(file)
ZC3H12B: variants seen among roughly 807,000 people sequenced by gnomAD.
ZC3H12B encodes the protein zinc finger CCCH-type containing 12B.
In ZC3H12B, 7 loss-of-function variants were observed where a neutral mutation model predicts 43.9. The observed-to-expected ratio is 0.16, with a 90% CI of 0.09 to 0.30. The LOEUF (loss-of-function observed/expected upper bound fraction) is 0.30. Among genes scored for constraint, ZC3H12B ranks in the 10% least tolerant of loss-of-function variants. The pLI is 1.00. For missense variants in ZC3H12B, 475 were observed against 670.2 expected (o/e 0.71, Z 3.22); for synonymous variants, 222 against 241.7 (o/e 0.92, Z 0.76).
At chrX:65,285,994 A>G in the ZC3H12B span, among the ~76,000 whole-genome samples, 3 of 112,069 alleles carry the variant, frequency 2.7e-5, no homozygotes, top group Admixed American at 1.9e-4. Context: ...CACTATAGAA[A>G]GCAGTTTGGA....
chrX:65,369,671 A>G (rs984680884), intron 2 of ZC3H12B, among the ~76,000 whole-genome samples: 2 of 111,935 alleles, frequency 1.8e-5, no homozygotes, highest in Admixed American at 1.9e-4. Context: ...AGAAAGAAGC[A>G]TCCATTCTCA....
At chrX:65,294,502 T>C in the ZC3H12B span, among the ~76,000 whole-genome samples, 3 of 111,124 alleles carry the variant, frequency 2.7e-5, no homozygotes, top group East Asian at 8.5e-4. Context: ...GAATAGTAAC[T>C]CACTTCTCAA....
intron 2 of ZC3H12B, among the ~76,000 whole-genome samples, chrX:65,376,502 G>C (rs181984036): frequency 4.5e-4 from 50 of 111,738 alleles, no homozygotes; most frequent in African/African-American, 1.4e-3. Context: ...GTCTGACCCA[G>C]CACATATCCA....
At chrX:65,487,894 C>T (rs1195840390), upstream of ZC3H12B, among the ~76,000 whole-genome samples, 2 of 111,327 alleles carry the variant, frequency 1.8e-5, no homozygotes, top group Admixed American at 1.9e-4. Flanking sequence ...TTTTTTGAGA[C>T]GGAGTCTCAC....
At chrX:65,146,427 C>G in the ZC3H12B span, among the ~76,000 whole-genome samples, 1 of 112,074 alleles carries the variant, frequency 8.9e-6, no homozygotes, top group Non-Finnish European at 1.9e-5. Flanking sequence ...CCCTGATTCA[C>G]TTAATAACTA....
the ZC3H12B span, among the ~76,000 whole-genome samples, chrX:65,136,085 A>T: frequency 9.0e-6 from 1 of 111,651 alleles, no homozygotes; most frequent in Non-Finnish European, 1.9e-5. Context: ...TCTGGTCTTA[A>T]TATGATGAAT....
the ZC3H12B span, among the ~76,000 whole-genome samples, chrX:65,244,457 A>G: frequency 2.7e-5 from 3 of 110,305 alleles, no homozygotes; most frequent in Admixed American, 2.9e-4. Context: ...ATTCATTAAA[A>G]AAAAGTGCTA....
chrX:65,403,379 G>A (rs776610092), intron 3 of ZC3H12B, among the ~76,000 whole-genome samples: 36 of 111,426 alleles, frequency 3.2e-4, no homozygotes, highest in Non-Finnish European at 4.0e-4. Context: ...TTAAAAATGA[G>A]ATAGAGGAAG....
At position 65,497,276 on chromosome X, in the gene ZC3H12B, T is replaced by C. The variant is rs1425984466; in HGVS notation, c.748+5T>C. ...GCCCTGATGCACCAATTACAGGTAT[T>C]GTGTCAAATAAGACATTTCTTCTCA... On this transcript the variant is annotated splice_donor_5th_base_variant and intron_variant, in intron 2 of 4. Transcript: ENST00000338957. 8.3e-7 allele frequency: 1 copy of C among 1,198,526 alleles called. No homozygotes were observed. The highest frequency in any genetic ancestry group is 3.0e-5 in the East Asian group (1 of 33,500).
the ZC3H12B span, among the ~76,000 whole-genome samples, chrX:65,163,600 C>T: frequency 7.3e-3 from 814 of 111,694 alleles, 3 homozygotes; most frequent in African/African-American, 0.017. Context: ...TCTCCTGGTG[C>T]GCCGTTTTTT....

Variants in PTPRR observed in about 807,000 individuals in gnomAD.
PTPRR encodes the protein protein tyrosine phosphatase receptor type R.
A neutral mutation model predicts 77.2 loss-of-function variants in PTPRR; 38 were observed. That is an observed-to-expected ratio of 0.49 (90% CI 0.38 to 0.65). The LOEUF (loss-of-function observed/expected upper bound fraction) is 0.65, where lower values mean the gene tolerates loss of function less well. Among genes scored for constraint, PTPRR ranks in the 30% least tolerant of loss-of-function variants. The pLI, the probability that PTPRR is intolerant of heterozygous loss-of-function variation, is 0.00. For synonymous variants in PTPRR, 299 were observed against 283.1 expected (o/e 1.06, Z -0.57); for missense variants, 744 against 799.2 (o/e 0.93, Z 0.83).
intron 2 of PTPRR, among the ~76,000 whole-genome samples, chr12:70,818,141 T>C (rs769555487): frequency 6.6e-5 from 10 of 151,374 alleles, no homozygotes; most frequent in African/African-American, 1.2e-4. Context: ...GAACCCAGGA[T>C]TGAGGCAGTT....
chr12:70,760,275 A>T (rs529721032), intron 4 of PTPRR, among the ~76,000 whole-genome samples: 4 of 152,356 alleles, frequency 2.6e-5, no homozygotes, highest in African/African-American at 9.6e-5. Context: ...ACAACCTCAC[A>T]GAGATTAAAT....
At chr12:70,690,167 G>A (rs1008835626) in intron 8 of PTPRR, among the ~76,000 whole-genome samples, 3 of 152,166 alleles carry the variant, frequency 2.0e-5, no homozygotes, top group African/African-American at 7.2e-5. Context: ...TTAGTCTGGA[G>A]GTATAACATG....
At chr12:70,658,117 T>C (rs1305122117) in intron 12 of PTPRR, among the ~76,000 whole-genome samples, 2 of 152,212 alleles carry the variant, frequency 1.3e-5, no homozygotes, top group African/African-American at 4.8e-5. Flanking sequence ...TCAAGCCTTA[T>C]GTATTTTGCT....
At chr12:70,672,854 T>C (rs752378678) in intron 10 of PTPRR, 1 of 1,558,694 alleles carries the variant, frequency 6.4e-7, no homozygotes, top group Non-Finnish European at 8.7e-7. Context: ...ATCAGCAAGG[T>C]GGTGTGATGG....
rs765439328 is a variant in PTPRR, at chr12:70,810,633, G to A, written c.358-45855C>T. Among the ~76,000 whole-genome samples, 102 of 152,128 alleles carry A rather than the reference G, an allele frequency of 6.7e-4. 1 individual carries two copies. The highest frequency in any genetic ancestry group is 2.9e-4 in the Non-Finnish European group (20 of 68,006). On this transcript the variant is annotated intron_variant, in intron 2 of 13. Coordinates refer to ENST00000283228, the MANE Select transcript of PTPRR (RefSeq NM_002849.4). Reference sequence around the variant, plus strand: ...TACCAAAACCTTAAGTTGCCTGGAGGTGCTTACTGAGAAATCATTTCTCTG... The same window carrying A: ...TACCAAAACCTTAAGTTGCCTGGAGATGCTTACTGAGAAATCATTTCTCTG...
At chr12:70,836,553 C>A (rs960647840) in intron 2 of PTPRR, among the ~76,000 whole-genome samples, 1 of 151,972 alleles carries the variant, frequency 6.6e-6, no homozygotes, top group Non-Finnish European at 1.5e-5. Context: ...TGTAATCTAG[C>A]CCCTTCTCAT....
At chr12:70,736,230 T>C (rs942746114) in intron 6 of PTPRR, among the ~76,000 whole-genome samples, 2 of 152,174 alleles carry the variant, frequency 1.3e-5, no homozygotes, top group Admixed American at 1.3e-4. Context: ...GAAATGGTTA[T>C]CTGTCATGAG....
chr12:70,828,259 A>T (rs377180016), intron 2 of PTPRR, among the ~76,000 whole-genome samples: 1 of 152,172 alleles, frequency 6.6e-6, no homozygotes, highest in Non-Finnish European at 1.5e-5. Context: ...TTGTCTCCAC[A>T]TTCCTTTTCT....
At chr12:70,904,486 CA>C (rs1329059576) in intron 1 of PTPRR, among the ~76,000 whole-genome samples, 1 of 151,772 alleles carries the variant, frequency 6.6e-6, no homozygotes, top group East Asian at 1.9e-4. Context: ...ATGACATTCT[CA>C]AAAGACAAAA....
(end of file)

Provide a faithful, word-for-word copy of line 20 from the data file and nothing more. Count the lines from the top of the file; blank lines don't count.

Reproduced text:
At chr12:70,690,167 G>A (rs1008835626) in intron 8 of PTPRR, among the ~76,000 whole-genome samples, 3 of 152,166 alleles carry the variant, frequency 2.0e-5, no homozygotes, top group African/African-American at 7.2e-5. Context: ...TTAGTCTGGA[G>A]GTATAACATG....